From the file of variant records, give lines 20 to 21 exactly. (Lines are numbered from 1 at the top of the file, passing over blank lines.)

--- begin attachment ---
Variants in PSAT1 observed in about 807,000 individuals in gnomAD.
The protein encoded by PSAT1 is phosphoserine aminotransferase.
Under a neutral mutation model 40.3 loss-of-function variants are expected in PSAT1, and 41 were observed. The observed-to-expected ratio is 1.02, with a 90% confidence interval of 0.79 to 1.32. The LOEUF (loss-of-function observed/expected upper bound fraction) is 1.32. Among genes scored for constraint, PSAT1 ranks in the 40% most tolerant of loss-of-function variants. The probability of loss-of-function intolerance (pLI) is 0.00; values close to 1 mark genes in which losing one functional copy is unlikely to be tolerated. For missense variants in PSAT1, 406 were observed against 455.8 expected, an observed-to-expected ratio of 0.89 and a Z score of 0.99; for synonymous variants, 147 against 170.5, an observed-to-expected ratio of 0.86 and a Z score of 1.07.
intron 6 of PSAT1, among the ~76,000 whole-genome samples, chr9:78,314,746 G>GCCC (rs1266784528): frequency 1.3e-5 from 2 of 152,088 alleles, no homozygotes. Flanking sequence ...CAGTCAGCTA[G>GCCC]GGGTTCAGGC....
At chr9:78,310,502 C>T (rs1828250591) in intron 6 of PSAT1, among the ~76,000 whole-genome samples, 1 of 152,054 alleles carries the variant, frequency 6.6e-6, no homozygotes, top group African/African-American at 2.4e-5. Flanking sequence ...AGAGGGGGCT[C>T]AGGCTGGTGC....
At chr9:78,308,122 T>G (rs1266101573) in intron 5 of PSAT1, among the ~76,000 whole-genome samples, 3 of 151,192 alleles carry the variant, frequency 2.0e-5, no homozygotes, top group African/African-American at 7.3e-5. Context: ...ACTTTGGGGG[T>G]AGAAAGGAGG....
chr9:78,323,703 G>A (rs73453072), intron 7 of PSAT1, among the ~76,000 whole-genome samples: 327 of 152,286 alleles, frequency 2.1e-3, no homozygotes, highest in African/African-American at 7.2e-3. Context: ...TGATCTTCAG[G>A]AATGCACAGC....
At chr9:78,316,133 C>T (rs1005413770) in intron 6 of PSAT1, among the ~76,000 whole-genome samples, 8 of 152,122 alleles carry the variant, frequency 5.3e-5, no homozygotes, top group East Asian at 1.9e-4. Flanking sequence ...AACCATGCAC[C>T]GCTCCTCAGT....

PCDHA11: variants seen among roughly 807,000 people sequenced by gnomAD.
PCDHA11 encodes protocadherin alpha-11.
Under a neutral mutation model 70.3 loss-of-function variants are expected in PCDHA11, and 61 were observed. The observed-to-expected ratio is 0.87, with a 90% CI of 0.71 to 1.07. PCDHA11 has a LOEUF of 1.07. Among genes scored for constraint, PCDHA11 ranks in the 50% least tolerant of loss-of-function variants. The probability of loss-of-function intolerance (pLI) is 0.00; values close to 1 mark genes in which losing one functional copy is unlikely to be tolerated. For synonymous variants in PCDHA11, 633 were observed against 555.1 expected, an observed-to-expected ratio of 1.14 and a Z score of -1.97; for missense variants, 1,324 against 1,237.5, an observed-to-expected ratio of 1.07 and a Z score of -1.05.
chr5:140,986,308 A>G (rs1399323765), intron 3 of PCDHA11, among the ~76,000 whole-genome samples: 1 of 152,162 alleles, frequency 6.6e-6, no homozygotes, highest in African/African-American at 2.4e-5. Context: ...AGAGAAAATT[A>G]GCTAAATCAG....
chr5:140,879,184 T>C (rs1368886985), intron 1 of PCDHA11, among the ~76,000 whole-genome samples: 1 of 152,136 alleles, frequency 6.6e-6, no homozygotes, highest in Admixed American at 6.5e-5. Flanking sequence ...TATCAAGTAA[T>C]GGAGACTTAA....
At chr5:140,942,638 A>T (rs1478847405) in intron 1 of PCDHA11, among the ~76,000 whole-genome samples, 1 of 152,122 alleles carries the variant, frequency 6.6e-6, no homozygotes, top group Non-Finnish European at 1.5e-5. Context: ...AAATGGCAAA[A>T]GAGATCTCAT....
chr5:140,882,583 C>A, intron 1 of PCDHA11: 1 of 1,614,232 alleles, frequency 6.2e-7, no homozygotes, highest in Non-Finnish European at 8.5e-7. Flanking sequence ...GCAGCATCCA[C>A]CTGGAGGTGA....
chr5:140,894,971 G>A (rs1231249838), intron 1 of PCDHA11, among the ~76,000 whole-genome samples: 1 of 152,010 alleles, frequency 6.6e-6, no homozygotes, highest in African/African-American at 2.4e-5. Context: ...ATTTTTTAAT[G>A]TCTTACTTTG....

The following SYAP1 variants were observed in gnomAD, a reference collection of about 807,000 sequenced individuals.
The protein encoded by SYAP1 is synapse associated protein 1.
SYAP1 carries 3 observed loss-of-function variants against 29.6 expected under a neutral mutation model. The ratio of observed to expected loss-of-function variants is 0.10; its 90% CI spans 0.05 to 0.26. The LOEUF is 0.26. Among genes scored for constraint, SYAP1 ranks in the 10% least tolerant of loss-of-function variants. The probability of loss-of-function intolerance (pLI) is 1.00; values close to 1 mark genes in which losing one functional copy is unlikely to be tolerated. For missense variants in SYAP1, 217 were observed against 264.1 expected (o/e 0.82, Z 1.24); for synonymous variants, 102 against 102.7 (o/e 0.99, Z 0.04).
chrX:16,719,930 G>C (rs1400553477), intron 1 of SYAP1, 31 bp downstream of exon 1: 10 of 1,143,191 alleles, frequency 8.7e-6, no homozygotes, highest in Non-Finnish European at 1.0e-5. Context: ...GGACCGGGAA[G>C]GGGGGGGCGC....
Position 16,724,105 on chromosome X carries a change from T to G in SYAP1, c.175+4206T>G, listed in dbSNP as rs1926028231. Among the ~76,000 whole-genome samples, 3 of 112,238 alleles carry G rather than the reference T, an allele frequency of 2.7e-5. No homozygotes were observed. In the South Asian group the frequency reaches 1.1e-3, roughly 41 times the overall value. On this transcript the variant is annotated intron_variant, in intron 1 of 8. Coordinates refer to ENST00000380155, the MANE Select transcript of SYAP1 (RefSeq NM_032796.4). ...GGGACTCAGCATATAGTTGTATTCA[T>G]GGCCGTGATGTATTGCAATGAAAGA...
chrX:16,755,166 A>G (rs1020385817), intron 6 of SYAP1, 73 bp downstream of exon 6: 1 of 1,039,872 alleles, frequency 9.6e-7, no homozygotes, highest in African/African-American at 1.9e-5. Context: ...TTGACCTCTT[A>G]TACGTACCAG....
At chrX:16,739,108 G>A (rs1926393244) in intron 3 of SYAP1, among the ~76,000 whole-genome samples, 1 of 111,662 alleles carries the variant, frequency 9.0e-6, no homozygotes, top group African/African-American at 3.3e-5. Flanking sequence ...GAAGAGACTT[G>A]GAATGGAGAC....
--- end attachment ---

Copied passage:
chrX:16,719,930 G>C (rs1400553477), intron 1 of SYAP1, 31 bp downstream of exon 1: 10 of 1,143,191 alleles, frequency 8.7e-6, no homozygotes, highest in Non-Finnish European at 1.0e-5. Context: ...GGACCGGGAA[G>C]GGGGGGGCGC....
Position 16,724,105 on chromosome X carries a change from T to G in SYAP1, c.175+4206T>G, listed in dbSNP as rs1926028231. Among the ~76,000 whole-genome samples, 3 of 112,238 alleles carry G rather than the reference T, an allele frequency of 2.7e-5. No homozygotes were observed. In the South Asian group the frequency reaches 1.1e-3, roughly 41 times the overall value. On this transcript the variant is annotated intron_variant, in intron 1 of 8. Coordinates refer to ENST00000380155, the MANE Select transcript of SYAP1 (RefSeq NM_032796.4). ...GGGACTCAGCATATAGTTGTATTCA[T>G]GGCCGTGATGTATTGCAATGAAAGA...